June #135 : Seeing Double - by Liz Highleyman

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Table of Contents

Jagged Little Pills

Happy Feet

Bunny Business

Playing the Percentages

Soul Survivors

B Careful

In the Running

Seeing Double

Write of Passage

Salad Daze

From Here to Paternity

Summer Share

Papa, Can You Hear Me?

Outside Chance

Send Us the Bill

Climb Every Mountain

Farewell Tour

Hot Dates-June 2007

Agent Provocateur

Mixed (Up) Media

Another AIDS Movie for Philadelphia

Say What?!-June 2007

Attention, K-Y Shoppers

The Next Best Thing to Being There

Getting Crafty

Baggage Claim

Editor's Letter-June 2007

Mailbox-June 2007

Catch of the Month—June 2007

Most Popular Lessons

The HIV Life Cycle


Herpes Simplex Virus

Syphilis & Neurosyphilis

Treatments for Opportunistic Infections (OIs)

What is AIDS & HIV?

Hepatitis & HIV

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June 2007

Seeing Double

by Liz Highleyman

Treatments for hepatitis C begin to mimic those for HIV

For the estimated one-third of HIV-positive folks who also have hep C (HCV), watching drug development is a must. Standard HCV therapy—pegylated interferon (to help the immune system fight C) plus ribavirin (to curb relapse)—has side effects so bad they feel like “the flu from hell,” and works in fewer than half of cases. Experimental meds attack HCV itself, disrupting its reproduction (as HIV meds do to HIV) while causing fewer side effects. The hope: drugs with more oomph but fewer ughs.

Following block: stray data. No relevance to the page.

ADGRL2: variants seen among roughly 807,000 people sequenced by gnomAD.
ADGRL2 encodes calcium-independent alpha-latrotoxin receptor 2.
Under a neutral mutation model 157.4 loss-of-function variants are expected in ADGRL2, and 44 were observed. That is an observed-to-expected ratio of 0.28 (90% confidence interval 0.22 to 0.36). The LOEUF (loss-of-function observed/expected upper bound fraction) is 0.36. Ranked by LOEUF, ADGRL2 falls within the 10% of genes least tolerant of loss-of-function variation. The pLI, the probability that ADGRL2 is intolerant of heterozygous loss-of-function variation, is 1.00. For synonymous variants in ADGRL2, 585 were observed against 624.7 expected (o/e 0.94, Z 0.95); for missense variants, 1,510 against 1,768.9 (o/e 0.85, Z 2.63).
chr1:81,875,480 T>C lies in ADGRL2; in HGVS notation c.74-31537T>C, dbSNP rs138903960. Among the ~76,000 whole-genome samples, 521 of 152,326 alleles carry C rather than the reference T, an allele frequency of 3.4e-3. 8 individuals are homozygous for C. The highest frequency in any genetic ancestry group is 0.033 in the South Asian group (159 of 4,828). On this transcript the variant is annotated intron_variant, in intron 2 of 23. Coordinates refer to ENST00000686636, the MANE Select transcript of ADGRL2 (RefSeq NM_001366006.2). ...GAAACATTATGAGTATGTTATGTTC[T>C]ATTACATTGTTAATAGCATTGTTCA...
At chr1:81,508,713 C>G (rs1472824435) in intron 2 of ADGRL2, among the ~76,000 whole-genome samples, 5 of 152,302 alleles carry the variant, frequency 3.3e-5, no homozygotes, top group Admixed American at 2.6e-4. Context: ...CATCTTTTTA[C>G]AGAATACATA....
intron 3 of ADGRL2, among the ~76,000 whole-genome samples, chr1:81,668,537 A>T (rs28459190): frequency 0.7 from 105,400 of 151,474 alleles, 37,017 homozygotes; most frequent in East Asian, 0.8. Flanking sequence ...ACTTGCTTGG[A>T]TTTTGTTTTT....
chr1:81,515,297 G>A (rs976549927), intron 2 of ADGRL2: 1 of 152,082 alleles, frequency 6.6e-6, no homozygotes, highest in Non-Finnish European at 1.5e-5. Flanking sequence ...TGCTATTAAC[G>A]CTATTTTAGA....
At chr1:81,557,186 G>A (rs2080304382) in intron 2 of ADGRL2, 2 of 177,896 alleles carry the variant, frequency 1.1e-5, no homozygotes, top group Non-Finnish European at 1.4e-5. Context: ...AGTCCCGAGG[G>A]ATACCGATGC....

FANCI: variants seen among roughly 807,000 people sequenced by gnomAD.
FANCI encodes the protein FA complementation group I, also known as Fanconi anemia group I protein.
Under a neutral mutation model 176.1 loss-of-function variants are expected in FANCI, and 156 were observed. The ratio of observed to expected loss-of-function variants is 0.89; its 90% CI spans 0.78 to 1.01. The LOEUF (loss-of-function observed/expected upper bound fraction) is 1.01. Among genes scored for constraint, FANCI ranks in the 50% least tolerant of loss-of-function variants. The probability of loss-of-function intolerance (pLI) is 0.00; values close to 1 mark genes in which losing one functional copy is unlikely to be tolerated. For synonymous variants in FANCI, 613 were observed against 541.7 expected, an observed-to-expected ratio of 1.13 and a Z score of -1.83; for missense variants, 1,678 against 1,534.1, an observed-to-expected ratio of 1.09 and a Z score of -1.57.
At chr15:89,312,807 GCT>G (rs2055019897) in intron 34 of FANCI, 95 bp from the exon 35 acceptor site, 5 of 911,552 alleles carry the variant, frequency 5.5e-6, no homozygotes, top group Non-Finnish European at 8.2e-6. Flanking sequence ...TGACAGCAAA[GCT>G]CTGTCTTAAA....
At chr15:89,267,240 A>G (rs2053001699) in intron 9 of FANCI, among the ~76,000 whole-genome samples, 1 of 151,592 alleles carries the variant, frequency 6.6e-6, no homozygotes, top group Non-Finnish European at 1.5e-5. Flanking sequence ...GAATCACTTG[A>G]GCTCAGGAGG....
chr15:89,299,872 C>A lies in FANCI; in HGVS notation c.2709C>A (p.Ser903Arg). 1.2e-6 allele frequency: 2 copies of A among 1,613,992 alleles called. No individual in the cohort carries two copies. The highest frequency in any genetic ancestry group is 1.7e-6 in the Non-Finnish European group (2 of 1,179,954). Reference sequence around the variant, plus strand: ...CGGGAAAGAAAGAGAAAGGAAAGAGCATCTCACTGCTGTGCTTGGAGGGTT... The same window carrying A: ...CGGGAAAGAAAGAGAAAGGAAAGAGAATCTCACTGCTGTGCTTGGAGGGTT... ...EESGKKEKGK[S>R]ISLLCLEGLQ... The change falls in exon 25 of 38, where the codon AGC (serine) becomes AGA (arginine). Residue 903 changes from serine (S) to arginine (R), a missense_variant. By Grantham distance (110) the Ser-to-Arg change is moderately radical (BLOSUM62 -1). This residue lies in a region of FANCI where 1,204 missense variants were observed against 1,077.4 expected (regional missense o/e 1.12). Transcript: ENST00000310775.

One that could be approved in late 2008 is Vertex’s HCV protease inhibitor (PI), telaprevir (VX-950). Alone or with interferon, telaprevir suppresses HCV and by itself hasn’t caused nasty side effects. Other novel meds, including two more PIs and two that inhibit another HCV enzyme, polymerase, are also close to approval.

Further, researchers have found a protein, claudin-1, that HCV uses to enter cells, offering another possible future drug target. As with HIV meds, combining drugs would add punch and delay drug resistance. So look for hep combos that tackle HCV at various life-cycle stages.

In grimmer news, recent studies confirm HCV transmission via sex, not only shared needles. First, outbreaks erupted among HIV-positive gay men in the UK and Europe; this year, a British study found it among HIV-negative gay men too. Sexual transmission is linked to anal sex, fisting, the presence of other STDs and use of non-injected drugs like crystal. If you indulge, reach for condoms and latex gloves. C ya.  

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